The Bill & Melinda Gates Foundation has announced a $12.5 million grant for a program designed to use mobile phones to expand the availability of financial services to millions of individuals in the developing world.
Created in partnership with GSMA, an association that represents the interests of the worldwide mobile communications industry, the Mobile Money for the Unbanked (MMU) program will work with mobile operators, banks, microfinance institutions, governments, and development organizations to encourage the expansion of reliable, affordable mobile financial services to the unbanked — individuals who do not have accounts at banks or other mainstream financial institutions. The program will fund regulatory and market research to help overcome some of the barriers to providing these services and includes a $5 million fund to catalyze a new wave of mobile financial innovation by encouraging mobile network operators to create new services for previously unbanked individuals in emerging markets.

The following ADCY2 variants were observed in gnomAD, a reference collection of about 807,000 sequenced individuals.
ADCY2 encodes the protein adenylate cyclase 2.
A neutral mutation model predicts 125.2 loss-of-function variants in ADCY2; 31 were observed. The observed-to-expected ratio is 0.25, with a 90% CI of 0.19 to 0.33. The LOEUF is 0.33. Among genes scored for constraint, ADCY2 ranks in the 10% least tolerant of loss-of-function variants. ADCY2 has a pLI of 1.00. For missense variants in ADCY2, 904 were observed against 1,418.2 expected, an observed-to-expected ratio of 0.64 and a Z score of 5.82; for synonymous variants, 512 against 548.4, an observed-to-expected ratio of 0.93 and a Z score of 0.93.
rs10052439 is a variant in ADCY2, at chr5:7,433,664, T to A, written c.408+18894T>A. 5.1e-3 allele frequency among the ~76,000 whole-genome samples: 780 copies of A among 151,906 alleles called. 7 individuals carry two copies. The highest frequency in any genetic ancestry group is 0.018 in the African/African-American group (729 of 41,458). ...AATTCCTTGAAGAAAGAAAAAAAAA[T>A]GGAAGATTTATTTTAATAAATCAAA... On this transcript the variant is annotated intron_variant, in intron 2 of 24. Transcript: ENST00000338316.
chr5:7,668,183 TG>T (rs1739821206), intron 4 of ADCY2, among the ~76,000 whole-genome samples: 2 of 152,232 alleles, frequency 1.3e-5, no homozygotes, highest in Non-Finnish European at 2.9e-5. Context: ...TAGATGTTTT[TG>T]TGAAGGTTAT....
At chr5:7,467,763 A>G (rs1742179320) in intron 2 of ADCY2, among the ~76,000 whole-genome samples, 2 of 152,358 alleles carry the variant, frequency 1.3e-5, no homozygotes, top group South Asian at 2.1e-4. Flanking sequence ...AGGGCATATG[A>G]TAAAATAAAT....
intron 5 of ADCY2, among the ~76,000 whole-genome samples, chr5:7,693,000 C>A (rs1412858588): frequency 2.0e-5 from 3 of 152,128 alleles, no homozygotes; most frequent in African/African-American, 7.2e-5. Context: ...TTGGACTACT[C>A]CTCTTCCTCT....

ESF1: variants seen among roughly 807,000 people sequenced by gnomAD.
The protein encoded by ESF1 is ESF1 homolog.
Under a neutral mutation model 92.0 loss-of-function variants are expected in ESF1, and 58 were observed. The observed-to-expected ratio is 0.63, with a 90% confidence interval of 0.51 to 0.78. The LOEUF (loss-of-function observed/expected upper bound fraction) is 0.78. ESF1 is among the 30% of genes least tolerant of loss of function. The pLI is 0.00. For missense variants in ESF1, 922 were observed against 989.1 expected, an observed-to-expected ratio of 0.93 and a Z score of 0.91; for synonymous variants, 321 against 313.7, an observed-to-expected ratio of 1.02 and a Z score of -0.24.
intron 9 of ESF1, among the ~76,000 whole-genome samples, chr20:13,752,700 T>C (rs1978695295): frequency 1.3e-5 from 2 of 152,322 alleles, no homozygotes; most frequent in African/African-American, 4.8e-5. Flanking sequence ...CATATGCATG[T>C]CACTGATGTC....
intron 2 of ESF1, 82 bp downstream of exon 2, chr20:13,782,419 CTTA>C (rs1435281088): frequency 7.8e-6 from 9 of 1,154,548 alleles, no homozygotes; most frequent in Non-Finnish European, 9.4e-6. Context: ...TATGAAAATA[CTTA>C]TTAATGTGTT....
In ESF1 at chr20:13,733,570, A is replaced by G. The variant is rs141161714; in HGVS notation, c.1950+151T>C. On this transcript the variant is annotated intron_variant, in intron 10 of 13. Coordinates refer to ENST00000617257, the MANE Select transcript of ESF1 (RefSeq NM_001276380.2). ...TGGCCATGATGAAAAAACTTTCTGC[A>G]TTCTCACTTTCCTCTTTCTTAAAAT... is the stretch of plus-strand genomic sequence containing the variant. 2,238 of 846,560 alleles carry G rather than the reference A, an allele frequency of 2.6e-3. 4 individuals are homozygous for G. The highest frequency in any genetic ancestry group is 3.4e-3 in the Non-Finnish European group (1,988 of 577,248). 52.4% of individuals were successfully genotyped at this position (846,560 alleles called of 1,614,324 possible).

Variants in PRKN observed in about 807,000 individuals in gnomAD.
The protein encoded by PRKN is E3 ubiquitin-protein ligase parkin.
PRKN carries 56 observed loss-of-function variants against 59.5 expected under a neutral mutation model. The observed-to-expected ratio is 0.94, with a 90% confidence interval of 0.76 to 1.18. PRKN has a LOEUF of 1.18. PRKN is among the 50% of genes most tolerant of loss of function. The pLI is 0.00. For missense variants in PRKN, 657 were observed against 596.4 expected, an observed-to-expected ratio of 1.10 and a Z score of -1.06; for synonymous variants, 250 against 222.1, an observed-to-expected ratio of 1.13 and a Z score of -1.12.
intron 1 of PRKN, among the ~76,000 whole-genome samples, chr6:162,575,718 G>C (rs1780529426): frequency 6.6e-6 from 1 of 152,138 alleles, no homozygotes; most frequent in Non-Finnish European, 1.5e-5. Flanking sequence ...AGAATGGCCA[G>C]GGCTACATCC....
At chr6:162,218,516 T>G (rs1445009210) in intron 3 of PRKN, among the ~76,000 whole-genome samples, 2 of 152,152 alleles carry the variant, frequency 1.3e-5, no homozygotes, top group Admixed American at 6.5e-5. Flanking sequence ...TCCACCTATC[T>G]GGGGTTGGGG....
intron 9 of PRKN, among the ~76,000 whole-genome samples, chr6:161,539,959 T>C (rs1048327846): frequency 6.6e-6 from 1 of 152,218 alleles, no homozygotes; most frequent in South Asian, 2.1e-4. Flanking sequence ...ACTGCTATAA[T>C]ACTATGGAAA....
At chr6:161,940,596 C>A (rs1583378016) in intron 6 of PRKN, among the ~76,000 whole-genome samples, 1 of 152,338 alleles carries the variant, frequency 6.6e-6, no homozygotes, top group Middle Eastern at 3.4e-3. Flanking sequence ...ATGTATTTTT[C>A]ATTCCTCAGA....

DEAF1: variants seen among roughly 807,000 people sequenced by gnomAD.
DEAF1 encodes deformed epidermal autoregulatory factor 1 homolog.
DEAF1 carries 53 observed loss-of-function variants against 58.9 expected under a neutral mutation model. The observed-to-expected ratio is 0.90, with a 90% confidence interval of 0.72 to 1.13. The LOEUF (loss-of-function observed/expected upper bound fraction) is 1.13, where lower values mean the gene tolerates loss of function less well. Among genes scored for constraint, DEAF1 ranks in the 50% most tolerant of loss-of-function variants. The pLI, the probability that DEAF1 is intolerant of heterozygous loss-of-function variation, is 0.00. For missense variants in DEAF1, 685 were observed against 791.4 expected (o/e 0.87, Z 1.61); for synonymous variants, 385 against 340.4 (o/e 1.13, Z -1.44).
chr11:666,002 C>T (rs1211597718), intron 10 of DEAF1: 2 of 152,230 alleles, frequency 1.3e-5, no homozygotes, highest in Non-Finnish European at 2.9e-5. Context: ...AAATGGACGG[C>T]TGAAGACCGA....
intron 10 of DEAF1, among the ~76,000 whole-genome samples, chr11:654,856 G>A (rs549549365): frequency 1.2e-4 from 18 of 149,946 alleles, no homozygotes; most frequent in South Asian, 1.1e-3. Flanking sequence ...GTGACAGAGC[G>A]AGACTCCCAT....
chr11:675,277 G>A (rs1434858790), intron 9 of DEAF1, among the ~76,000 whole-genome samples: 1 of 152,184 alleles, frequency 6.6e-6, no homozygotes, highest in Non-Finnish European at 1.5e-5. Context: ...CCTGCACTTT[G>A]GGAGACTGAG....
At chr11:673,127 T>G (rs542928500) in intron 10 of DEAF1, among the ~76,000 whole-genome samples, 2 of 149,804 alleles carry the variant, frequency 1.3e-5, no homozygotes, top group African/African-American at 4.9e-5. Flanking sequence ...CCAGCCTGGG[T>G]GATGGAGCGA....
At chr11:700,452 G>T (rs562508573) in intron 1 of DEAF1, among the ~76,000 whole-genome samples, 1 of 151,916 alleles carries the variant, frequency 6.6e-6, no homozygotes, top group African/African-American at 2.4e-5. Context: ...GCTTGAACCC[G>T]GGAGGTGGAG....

MMU will support approximately twenty projects in developing countries, with the goal of reaching twenty million previously unbanked individuals with mobile financial services by 2012.
"Traditional financial services are often too costly and inconvenient for people who earn less than $2 a day to obtain, and too expensive for banks to provide," said Bob Christen, director of the Gates Foundation's Financial Services for the Poor initiative. "Technology like mobile phones is making it possible to bring low-cost, high-quality financial services to millions of people in the developing world so they can manage life's risks and build financial security."